In January we talked about the record high United States oil production reached in 2018. Now, we are a few months into the new year, and the U.S. shows little to no sign of slowing…
Based on 11 months of data from 2018 we are seeing an overall increase in oil demand, 0.56 mb/d year over year. Demand for jet fuel and kerosene dropped last year, an increase in demand from the petrochemical and industrial sectors drove into a net positive U.S. demand for the year. 2019 anticipates some growth, though less than the previous few years.
We saw January’s predictions for the U.S. at 12.1 mb/d by the end of 2019 and 12.9 mb/d by 2020, while the February predictions have already been increased to 12.4 mb/d and 13.2 mb/d respectively. This ultimately will bring great economic gains to the basins situated around the U.S. as well as to the other industries supporting their growth, such as valve / flange manufacturers, new opportunities for pipe fitters to fuse a Weld neck flange and a pipe, or to the local stores who welcome the increased customer traffic and revenues. However, such rapid industrial growth put strain on local infrastructure and governments as they try to catch up.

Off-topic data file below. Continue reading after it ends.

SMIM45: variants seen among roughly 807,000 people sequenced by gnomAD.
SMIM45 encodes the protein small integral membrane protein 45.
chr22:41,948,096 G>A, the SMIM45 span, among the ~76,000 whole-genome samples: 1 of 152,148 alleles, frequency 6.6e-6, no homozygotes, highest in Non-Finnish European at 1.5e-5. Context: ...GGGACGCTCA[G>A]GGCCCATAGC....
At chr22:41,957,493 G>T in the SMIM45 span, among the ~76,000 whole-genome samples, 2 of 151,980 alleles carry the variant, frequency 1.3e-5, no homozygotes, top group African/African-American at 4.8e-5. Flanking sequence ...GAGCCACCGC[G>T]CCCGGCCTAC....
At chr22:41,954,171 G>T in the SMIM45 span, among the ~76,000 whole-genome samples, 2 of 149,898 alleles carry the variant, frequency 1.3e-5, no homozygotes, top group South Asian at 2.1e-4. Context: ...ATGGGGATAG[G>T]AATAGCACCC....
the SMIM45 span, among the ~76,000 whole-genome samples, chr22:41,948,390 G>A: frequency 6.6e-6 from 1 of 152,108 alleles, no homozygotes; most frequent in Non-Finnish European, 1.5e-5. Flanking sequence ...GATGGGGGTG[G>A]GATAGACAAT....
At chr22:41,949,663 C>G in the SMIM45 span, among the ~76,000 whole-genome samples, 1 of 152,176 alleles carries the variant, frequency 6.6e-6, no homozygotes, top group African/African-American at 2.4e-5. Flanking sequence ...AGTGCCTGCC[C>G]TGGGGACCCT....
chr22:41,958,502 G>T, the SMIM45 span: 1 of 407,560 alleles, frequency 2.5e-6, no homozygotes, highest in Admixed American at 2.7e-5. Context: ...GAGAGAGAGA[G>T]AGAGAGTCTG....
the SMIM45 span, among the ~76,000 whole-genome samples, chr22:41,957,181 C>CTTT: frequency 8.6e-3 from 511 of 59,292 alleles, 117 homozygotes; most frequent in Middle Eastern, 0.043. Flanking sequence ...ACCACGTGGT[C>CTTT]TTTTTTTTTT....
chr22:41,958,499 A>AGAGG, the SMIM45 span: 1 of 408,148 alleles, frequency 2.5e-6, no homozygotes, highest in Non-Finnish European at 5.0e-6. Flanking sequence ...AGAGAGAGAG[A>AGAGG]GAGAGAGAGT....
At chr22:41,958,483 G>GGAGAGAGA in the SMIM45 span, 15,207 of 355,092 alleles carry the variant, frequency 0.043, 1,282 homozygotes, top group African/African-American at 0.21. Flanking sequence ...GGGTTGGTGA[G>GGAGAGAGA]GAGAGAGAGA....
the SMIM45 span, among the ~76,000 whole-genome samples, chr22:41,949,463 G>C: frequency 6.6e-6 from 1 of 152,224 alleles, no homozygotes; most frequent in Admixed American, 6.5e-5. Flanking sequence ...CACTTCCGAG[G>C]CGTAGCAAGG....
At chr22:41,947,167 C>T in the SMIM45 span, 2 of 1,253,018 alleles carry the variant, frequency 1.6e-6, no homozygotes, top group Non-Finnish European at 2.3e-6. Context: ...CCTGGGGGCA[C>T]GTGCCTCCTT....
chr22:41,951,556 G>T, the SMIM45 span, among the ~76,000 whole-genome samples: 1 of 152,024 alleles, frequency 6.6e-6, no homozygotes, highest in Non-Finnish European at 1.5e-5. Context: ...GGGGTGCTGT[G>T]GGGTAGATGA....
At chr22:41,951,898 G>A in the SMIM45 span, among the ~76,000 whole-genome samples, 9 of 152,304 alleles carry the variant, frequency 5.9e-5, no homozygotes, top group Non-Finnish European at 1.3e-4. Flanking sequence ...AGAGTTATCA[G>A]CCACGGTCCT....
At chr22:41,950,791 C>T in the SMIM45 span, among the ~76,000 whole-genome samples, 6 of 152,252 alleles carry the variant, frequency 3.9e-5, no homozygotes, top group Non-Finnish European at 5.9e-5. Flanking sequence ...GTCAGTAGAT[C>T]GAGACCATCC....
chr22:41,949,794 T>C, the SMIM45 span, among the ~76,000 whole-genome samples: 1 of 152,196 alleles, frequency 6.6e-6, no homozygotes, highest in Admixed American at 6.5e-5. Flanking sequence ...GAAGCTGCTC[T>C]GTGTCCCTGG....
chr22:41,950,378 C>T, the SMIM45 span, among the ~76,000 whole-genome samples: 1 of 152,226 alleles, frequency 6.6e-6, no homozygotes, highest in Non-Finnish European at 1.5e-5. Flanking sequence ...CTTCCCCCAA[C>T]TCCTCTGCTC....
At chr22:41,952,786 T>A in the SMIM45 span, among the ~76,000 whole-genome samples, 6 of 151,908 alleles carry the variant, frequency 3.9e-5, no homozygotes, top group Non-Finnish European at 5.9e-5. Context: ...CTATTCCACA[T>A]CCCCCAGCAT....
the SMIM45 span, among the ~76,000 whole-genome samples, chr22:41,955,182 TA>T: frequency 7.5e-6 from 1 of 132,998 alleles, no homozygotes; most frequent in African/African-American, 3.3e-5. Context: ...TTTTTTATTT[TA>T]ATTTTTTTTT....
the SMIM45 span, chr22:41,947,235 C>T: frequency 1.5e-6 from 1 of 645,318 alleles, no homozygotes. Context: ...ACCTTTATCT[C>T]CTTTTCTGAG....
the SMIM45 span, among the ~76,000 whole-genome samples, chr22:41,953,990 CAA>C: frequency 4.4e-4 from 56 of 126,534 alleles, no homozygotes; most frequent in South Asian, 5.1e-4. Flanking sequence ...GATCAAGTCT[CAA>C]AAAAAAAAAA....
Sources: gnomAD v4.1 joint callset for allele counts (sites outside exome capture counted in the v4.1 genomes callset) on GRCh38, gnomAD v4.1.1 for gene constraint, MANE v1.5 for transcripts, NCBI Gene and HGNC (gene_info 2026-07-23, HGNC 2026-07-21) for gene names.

Possible reasons for the underestimation of oil production in the U.S. may be due to the lowering cost of technology paired with greater operational efficiency than expected, but with such a complex beast it is hard to pinpoint any one explanation. With so many changes so quickly in the industry, it can be hard to accurately predict U.S. oil growth. The EIA consistently updates forecast models and KPI’s to close the gap between predictions and reality.
As new data presents itself, be on the lookout for a potential up or downticks in U.S. production/demand. Currently, though, it looks like we are in a positive trajectory and will keep upping production for the foreseeable future. Globally speaking, this could have a long-term negative effect on the price per barrel. OPEC and Russia are working together to stabilize supply/demand by reducing production for the first 6 months of 2019 by approximately 1.2 mb/d collectively, helping stabilize the price per barrel for now. If the United States destabilizes the industry’s supply and demand we could be in for a rude awakening.
Check out our March Update!